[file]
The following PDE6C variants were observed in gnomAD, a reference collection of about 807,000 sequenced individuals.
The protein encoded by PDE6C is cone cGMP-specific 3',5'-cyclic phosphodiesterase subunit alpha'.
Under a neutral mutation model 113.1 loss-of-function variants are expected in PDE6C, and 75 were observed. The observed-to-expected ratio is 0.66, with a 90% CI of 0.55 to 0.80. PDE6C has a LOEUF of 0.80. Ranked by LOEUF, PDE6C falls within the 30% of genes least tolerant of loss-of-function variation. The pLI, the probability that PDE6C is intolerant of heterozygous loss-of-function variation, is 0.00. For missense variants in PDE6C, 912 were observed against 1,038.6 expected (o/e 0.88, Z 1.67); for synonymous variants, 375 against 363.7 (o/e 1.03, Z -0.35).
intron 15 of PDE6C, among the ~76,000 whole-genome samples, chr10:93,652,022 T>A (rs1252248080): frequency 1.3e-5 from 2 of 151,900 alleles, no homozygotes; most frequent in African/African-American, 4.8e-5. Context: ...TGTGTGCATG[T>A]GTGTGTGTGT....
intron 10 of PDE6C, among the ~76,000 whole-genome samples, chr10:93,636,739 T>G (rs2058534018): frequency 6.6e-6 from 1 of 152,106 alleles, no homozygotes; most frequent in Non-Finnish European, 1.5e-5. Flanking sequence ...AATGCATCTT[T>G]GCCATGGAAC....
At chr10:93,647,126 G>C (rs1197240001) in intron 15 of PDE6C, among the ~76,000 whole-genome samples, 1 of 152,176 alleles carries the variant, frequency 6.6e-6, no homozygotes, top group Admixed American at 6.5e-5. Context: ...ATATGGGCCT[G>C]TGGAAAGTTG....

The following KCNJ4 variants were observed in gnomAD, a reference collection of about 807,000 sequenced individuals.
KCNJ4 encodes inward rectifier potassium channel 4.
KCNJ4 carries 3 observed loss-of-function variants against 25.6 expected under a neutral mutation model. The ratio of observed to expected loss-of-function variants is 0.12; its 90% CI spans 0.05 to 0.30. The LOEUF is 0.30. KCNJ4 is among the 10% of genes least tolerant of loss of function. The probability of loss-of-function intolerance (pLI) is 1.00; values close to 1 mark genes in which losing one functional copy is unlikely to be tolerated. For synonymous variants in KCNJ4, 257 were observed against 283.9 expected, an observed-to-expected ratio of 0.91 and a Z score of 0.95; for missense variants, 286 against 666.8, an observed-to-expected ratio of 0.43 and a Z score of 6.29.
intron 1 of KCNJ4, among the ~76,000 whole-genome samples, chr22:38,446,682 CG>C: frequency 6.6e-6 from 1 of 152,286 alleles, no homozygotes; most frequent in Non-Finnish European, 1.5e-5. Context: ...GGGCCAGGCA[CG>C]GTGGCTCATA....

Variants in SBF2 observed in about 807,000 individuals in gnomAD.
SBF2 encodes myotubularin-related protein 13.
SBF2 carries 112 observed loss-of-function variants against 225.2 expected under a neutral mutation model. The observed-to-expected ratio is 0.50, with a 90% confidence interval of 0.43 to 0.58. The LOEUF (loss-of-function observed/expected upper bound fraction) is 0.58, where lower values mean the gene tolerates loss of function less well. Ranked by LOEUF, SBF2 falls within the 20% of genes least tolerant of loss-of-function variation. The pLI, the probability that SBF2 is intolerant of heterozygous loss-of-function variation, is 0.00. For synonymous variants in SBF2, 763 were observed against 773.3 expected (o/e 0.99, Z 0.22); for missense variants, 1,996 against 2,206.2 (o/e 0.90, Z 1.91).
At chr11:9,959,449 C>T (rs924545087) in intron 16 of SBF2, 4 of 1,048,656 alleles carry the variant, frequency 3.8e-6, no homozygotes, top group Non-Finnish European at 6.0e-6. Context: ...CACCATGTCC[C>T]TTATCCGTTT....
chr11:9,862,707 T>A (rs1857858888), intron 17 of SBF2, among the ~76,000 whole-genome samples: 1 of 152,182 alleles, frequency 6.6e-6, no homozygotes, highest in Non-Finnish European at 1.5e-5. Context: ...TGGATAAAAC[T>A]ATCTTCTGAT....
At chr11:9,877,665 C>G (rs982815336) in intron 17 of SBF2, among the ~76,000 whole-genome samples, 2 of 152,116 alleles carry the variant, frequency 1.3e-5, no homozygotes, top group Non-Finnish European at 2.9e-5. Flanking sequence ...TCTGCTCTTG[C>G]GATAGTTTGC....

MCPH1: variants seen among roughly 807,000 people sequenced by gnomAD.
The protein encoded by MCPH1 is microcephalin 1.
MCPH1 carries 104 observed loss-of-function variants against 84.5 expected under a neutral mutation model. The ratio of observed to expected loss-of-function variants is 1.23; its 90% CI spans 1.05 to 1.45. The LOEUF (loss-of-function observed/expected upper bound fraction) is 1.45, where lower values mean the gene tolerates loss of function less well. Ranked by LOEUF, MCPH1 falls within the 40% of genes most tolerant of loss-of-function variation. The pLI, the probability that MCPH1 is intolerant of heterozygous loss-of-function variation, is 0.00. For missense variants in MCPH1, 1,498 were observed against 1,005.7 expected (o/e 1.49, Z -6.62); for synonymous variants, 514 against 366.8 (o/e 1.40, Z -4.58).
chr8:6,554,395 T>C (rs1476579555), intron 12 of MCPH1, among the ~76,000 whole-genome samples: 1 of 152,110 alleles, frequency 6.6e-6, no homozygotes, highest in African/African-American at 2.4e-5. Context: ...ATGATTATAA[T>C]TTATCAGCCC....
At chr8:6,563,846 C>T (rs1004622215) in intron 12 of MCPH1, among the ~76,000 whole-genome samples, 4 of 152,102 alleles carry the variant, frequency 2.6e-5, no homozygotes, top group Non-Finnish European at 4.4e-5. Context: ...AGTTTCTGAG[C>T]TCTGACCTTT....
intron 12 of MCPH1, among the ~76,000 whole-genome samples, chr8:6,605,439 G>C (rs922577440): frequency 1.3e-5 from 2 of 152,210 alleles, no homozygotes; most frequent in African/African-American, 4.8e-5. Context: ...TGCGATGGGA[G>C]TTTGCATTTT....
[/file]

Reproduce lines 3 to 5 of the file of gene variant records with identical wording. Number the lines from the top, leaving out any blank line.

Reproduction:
Under a neutral mutation model 113.1 loss-of-function variants are expected in PDE6C, and 75 were observed. The observed-to-expected ratio is 0.66, with a 90% CI of 0.55 to 0.80. PDE6C has a LOEUF of 0.80. Ranked by LOEUF, PDE6C falls within the 30% of genes least tolerant of loss-of-function variation. The pLI, the probability that PDE6C is intolerant of heterozygous loss-of-function variation, is 0.00. For missense variants in PDE6C, 912 were observed against 1,038.6 expected (o/e 0.88, Z 1.67); for synonymous variants, 375 against 363.7 (o/e 1.03, Z -0.35).
intron 15 of PDE6C, among the ~76,000 whole-genome samples, chr10:93,652,022 T>A (rs1252248080): frequency 1.3e-5 from 2 of 151,900 alleles, no homozygotes; most frequent in African/African-American, 4.8e-5. Context: ...TGTGTGCATG[T>A]GTGTGTGTGT....
intron 10 of PDE6C, among the ~76,000 whole-genome samples, chr10:93,636,739 T>G (rs2058534018): frequency 6.6e-6 from 1 of 152,106 alleles, no homozygotes; most frequent in Non-Finnish European, 1.5e-5. Flanking sequence ...AATGCATCTT[T>G]GCCATGGAAC....